‘Breaking Free’: EEB publishes position on EU animal welfare

Chicken farm. Egg-laying chicken in battery cages. Commercial hens poultry farming. Layer hens livestock farm. Intensive poultry farming in close systems. Egg production. Chicken feed for laying hens.

Today, the EEB launches its first position paper on animal welfare. The message is clear: the benefits of improving animal welfare across the EU will be transformative for our environment, people’s livelihoods, and society at large. Without action, the picture looks far less rosy…

Failing to improve animal welfare in Europe undermines our health, with the overproduction of animal protein propping up unhealthy diets and leaving us at greater risk of disease outbreak and antimicrobial resistance.

The intensive farms with the worst animal welfare records are also an important source of greenhouse house emissions and water, soil and air pollution.  As such, improving animal welfare is an unavoidable step towards making our agri-food systems truly sustainable.


Nothing new

The connection between factory farming and our climate/environment is nothing new. But for too long, this link has been swept under the rug and forced off political agendas by strategic, targeted and increasingly well-resourced lobbying efforts.

Animal farming is not only subject to inadequate regulation; it also benefits enormously and disproportionately from EU agricultural subsidies. As such, poor animal welfare on Europe’s farms is being artificially propped up – and actively promoted – by politically-motivated financing.


Europe’s strongest consensus

Under the EU Green Deal, this European Commission promised to revise the EU animal welfare legislation, shown by its own Fitness Check to be unscientific and outdated. It pledged to carry out this revision by the end of last year, to bring the Union’s rules on animal welfare in line with not only scientific consensus, but also the demands of the vast majority of Europeans – over 90% of EU citizens consider the welfare of farmed animals to be important.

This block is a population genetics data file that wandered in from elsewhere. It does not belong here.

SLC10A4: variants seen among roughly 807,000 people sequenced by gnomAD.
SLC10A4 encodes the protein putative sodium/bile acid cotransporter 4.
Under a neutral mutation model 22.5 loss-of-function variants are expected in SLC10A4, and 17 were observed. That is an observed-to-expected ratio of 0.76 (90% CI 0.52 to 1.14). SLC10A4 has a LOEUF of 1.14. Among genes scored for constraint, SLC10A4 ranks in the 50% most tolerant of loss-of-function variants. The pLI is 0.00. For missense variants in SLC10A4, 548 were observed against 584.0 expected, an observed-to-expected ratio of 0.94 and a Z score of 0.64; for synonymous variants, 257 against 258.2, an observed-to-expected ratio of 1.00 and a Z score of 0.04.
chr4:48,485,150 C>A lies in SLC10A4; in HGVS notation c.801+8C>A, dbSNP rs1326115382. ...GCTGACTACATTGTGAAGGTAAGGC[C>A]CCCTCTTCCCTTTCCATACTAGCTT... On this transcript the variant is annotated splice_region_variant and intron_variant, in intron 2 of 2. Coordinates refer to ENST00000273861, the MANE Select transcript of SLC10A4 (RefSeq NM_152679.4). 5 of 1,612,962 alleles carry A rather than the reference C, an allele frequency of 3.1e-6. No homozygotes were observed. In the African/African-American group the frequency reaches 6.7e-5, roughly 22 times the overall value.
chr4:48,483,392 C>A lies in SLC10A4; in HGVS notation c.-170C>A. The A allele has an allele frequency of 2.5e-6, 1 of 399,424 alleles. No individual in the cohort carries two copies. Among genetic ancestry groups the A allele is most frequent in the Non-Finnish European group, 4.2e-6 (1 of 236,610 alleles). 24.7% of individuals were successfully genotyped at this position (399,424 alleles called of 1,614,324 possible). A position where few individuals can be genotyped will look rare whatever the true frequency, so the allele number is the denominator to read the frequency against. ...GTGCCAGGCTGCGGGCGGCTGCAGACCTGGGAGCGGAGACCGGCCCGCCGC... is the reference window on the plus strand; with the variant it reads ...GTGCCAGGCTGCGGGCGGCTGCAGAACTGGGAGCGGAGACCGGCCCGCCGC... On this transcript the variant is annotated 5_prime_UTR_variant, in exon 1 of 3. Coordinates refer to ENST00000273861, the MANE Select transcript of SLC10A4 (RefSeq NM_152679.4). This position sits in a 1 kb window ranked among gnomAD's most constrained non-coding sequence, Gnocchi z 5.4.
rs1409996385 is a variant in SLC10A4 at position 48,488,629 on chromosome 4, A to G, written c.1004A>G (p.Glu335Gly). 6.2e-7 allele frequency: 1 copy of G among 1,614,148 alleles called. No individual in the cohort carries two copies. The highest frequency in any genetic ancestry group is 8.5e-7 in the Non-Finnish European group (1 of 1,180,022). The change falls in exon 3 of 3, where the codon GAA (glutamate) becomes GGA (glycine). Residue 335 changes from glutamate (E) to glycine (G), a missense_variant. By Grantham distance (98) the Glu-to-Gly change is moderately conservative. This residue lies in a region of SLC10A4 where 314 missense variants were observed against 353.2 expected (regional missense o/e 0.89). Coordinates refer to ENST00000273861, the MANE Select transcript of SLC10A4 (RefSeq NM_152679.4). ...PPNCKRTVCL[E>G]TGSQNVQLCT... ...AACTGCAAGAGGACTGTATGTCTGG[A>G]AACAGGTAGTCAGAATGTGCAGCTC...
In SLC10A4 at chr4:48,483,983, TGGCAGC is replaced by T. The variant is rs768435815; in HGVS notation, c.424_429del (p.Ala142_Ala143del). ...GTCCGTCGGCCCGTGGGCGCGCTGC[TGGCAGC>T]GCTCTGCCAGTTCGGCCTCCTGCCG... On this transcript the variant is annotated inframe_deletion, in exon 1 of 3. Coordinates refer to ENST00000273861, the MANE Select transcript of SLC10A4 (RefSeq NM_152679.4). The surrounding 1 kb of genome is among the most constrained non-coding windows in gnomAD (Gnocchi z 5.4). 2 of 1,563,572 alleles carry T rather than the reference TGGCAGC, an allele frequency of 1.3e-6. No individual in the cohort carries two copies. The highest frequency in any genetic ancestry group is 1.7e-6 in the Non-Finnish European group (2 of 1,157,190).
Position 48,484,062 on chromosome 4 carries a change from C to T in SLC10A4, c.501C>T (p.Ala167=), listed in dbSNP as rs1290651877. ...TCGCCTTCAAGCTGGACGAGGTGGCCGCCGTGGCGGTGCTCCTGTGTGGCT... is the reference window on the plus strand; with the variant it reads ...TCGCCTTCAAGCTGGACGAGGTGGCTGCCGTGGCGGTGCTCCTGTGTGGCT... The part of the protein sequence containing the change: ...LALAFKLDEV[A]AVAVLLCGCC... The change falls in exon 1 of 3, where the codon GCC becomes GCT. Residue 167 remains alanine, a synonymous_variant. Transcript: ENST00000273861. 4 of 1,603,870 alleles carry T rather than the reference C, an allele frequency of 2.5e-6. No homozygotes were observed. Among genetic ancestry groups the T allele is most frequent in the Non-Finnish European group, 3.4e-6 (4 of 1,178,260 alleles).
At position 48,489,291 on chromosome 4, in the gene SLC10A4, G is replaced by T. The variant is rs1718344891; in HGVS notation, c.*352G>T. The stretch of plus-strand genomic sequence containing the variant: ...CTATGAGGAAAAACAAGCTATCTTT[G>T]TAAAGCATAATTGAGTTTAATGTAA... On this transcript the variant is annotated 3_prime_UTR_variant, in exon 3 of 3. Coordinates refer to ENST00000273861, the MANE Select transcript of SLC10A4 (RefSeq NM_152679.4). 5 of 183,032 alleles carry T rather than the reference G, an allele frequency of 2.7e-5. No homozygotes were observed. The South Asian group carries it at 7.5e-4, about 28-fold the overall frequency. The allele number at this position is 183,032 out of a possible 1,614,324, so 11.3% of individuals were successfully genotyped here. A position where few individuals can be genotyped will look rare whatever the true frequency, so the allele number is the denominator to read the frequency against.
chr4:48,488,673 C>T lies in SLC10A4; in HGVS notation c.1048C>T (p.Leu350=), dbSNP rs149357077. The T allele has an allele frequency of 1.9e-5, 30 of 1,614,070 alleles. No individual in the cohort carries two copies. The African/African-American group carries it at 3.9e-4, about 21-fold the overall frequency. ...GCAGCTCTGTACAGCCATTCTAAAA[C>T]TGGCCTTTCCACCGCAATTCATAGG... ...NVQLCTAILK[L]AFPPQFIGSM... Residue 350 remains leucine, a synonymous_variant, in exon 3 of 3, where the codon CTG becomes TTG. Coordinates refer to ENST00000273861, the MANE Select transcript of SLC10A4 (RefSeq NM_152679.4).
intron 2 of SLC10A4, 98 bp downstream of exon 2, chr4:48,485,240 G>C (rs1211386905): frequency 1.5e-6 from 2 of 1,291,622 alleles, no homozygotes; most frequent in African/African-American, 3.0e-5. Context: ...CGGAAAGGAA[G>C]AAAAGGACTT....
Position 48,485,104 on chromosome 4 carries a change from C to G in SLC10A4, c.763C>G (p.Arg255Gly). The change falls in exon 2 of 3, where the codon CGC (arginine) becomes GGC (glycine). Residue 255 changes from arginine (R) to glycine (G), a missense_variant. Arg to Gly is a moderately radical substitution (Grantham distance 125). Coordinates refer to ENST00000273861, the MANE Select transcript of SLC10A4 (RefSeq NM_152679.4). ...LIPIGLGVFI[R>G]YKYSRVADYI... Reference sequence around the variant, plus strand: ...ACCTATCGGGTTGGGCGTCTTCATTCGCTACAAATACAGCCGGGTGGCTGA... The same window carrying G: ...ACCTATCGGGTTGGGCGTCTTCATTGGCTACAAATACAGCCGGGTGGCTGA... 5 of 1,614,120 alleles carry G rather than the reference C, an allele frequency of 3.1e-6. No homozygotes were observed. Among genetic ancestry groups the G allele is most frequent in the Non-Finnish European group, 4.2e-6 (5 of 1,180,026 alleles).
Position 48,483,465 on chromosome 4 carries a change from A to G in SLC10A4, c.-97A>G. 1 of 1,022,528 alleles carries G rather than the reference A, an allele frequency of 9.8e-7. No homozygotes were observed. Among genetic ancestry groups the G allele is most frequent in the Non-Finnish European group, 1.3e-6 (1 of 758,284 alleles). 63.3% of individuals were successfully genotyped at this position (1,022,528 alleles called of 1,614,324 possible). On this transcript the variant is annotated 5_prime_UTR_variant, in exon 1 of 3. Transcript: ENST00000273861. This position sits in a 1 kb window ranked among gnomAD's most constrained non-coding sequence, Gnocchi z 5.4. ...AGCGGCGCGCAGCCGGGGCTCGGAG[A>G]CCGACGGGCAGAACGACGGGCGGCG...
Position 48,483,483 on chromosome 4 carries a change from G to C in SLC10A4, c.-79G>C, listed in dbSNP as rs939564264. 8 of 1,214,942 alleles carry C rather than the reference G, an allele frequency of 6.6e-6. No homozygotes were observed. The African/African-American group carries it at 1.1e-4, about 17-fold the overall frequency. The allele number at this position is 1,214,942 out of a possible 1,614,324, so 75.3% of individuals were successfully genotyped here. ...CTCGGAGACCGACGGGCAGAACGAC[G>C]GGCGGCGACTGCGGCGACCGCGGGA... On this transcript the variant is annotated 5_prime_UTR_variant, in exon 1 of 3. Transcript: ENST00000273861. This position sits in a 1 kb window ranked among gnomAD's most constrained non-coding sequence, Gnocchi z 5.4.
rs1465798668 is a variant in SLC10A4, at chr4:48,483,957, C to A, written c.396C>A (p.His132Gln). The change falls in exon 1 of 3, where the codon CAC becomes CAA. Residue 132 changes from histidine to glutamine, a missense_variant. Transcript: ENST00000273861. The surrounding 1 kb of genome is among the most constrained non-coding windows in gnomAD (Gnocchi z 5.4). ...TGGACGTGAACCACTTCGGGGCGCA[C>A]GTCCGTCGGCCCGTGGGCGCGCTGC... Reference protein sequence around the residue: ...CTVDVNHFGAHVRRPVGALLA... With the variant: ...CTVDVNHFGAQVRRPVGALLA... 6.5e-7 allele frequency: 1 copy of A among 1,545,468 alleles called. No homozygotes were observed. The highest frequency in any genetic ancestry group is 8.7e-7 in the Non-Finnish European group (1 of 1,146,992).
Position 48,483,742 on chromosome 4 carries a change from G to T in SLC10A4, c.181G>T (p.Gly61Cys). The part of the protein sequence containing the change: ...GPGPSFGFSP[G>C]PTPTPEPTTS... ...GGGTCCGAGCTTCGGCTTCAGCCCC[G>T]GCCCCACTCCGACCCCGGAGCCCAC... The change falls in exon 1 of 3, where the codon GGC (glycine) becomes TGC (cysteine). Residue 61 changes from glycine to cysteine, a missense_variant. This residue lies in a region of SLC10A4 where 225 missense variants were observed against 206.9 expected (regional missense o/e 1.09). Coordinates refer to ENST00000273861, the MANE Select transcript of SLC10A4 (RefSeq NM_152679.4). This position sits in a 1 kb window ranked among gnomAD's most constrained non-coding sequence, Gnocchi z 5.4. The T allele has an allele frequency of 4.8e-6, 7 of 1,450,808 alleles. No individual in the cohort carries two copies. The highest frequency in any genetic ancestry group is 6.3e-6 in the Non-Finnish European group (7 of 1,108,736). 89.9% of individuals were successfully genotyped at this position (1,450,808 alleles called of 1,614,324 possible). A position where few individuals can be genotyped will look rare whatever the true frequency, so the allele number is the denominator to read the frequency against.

As part of that revision, this Commission also committed to implementing the ‘End the Cage Age’ European Citizens’ Initiative, which collected 1.4 million signatures in 2020. While a recent Eurobarometer showed that almost 90% of people in all member states are in favour of a ban on cage farming, that commitment remains unfulfilled.


What we want

In this paper, we have addressed all these different aspects, compiling an overview of the multiple reasons why the next European Commission must urgently address the EU’s animal welfare crisis.

Creating socially and environmentally sustainable food systems across the EU is essential to overcome the current climate, biodiversity and pollution crises, and addressing poor animal welfare. The overproduction and overconsumption of animal proteins is an inescapable part of the process.

What the EEB is calling for (in brief):

  1. Reduce stocking densities on farms
  2. Phase out individual cages 
  3. Introduce species-specific standards for all farmed animals
  4. Ban routine mutilations
  5. Ban force-feeding


‘Food for Profit’ screening

This evening, we gather at Cinéma Galeries in the centre of Brussels for a screening of ‘Food for Profit’, a new documentary film exploring the vast business of factory farming in Europe, the widespread suffering inflicted on animals behind barn doors, and the creeping influence of Big Meat lobbies in the heart of Europe’s political institutions. With screenings scheduled at the Cannes Film Festival this week, the film is already a major hit.


Notes to editors: 

‘Breaking Free’: EEB publishes position on EU animal welfare
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